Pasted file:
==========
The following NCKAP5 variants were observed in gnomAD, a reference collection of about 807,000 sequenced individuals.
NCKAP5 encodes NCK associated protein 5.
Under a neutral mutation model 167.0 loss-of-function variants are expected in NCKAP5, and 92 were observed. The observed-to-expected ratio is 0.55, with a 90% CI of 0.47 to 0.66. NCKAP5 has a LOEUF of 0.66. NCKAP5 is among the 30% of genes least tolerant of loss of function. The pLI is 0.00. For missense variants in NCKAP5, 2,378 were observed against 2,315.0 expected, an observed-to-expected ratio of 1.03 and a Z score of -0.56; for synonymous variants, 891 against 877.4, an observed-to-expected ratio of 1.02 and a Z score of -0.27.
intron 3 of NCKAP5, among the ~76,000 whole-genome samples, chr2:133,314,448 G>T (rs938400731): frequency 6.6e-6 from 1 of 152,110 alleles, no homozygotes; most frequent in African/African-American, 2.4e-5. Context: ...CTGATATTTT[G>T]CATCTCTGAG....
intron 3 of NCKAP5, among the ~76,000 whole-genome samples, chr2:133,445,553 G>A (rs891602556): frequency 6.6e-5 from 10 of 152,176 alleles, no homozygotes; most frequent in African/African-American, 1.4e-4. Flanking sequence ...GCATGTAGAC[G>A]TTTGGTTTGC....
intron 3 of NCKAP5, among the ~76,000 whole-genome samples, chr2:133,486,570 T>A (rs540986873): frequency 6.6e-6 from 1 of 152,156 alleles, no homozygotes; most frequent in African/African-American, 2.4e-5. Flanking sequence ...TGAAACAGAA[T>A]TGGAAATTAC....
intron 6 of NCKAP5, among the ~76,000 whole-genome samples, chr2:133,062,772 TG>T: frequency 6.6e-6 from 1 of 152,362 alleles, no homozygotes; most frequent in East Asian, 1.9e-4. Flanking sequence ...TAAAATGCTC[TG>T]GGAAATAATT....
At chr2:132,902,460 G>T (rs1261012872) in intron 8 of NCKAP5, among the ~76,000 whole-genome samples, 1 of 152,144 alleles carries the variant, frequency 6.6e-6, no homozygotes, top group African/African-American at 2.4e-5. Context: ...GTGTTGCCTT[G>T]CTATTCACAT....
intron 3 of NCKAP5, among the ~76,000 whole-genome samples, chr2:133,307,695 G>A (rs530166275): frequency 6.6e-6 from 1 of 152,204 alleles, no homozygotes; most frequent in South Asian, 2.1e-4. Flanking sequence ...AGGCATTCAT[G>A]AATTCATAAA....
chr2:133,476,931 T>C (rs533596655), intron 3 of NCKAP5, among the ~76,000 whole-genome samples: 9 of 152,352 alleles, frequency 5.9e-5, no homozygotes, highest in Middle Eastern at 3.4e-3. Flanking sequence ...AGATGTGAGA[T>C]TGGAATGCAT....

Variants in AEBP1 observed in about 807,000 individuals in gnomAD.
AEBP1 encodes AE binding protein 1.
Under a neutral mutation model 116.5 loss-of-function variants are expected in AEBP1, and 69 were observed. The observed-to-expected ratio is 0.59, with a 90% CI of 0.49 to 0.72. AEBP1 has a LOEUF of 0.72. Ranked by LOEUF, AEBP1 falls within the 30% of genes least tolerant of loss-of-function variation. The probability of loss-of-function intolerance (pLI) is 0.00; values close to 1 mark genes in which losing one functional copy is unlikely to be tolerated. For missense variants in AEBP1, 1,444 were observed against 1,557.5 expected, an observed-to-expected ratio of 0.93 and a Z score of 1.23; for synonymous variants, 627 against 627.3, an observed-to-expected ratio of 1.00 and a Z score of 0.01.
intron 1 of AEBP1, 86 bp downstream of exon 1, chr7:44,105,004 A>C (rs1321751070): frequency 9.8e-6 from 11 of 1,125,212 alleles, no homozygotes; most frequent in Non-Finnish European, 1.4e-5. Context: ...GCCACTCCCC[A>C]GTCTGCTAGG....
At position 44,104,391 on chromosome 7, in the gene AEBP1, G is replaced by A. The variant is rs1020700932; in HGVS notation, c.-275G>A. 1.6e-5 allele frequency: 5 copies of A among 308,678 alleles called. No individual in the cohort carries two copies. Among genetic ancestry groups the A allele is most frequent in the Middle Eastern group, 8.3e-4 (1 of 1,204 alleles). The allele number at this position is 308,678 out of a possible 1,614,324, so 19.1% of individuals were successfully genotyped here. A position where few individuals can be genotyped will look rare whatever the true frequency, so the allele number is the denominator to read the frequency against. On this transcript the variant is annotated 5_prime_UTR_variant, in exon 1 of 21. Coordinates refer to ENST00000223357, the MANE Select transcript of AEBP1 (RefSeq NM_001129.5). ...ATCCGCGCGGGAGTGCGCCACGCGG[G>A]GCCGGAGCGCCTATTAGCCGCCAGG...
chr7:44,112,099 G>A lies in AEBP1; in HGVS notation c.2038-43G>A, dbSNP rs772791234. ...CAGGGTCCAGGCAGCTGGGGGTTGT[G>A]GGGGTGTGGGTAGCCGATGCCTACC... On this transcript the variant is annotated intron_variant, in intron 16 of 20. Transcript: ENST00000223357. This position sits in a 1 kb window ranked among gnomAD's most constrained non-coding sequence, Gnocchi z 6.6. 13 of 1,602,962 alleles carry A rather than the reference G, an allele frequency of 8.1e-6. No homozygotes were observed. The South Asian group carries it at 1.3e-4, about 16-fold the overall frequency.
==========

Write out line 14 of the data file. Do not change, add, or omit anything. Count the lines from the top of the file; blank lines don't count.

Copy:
intron 1 of AEBP1, 86 bp downstream of exon 1, chr7:44,105,004 A>C (rs1321751070): frequency 9.8e-6 from 11 of 1,125,212 alleles, no homozygotes; most frequent in Non-Finnish European, 1.4e-5. Context: ...GCCACTCCCC[A>C]GTCTGCTAGG....